In Barber v. Thomas, Justice Breyer Upgraded from Balancing Tests to “Elementary Algebra”

June 7th, 2010

Take a look at the Appendix to Barber v. Thomas (p. 18). Justice Breyer, in an attempt to explain the intricacies of calculating Good Time Credits for federal sentences, relies on a page and a half of algebra. “Elementary algebra” he calls it. This much math in a SCOTUS opinion makes me cringe.

As I’ve said before, I became a lawyer because I hate math.

The defendant is sentenced to 10 years’ imprisonment.As a prisoner he exhibits exemplary behavior and isawarded the maximum credit of 54 days at the end of eachyear served in prison. At the end of Year 8, the prisoner has 2 years remaining in his sentence and has accumu-lated 432 days of good time credit.
Because the difference between the time remaining in his sentence and theamount of accumulated credit (i.e., 730 – 432) is less than ayear (298 days), Year 9 is the last year he will spend in prison. (Year 10 has been completely offset by 365 of the432 days of accumulated credit.) Further, Year 9 will be a partial year of 298 days (the other 67 days of the yearbeing offset by the remainder of the accumulated credit).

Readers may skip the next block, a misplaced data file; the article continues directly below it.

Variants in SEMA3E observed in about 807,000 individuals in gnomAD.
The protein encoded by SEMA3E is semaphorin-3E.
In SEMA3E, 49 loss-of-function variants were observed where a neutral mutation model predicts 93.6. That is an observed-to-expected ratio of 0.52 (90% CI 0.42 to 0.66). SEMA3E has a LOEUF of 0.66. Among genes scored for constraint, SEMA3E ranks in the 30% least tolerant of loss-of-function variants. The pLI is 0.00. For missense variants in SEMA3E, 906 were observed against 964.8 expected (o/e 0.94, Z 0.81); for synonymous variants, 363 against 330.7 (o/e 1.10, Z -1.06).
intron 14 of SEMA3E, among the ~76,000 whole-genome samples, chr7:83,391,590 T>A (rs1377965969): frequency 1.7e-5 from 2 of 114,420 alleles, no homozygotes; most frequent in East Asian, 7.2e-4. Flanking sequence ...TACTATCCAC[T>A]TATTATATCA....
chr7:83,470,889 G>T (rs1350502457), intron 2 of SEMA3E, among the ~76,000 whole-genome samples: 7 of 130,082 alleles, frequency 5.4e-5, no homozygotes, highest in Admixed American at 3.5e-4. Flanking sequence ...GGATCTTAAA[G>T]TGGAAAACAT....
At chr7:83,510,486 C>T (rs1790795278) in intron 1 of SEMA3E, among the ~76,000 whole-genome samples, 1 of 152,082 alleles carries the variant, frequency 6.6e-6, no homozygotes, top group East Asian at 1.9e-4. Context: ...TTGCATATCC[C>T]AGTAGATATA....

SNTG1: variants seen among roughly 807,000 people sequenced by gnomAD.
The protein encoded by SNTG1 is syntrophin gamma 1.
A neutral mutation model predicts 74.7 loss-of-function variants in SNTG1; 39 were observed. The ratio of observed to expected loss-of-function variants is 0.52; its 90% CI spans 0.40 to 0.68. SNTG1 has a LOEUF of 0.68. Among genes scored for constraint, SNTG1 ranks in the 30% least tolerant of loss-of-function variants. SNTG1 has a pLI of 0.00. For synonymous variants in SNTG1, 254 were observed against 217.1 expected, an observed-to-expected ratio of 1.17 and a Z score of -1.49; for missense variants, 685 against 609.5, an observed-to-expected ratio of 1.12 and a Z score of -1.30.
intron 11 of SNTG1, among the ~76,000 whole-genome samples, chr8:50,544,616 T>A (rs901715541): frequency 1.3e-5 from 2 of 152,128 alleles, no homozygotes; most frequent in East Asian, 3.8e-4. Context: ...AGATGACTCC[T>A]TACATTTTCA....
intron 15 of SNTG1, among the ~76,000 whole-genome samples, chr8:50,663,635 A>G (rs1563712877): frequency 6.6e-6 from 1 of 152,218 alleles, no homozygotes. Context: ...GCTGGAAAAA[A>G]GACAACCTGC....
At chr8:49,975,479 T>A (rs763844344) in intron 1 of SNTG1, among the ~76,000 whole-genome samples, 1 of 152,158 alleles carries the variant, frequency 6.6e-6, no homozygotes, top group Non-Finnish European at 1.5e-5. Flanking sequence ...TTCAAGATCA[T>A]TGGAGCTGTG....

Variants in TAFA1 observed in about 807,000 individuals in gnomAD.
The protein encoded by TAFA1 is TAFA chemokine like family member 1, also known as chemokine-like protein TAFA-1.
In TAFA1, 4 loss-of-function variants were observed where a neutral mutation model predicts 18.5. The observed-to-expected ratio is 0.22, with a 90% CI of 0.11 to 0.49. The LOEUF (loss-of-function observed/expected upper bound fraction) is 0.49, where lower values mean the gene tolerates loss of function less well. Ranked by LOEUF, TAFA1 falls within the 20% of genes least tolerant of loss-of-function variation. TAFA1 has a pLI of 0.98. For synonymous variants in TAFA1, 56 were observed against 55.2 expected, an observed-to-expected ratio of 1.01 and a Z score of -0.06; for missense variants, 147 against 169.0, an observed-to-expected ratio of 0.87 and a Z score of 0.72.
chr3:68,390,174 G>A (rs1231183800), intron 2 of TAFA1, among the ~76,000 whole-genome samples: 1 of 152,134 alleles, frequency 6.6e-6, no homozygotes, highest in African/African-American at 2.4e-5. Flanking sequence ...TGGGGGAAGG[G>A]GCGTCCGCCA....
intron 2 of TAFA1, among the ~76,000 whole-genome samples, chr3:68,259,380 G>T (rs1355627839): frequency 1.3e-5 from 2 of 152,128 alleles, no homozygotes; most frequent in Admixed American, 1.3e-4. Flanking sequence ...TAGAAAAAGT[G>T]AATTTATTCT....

Here is where the elementary algebra comes in. We know that x, the good time, plus y, the remaining time served, must add up to 298. This gives us our first equa-tion: x + y = 298.
We also know that the ratio of good time earned in the portion of the final year to the amount of time served inthat year must equal the ratio of a full year’s good time credit to the amount of time served in a full year. The latter ratio is 54/365 or .148. Thus, we know that x/y = .148, or to put it another way, x = .148y. Because we know the value of x in terms of y, we can make a substitu-tion in our first equation to get .148y + y = 298. We then add the two y terms together (1.148y = 298), and we solve for y, which gives us y = 260. Now we can plug that value into our first equation to solve for x (the good time credit). If we subtract 260 from 298, we find that x = 38.
The offender will have to serve 260 days in prison inYear 9, and he will receive 38 days additional good time credit for that time served. The prisoner’s total good time is 470 days (432 + 38 = 470). His total time served is 3180 days.
Say what?
Justice Kennedy, who dissented in an odd alignment with Justice Ginsburg and Stevens, wrote a pithy conclusion:
The straightforward interpretation urged here accordswith the purpose of the statute, which is to give prisoners incentive for good behavior and dignity from its promised reward. Prisoners can add 54 days to each year. And when they do so, they have something tangible. In placeof that simple calculation, of clear meaning, of a calendarthat can be marked, the Court insists on something differ-ent. It advocates an interpretation that uses differentdefinitions for the same phrase in the same sentence; denies prisoners the benefit of the rule of lenity; and caps off its decision with an appendix that contains an algebraic formula to hang on a cell wall.
If only Justice Kennedy would stop using fuzzy math in his national consensus 8th amendment opinions.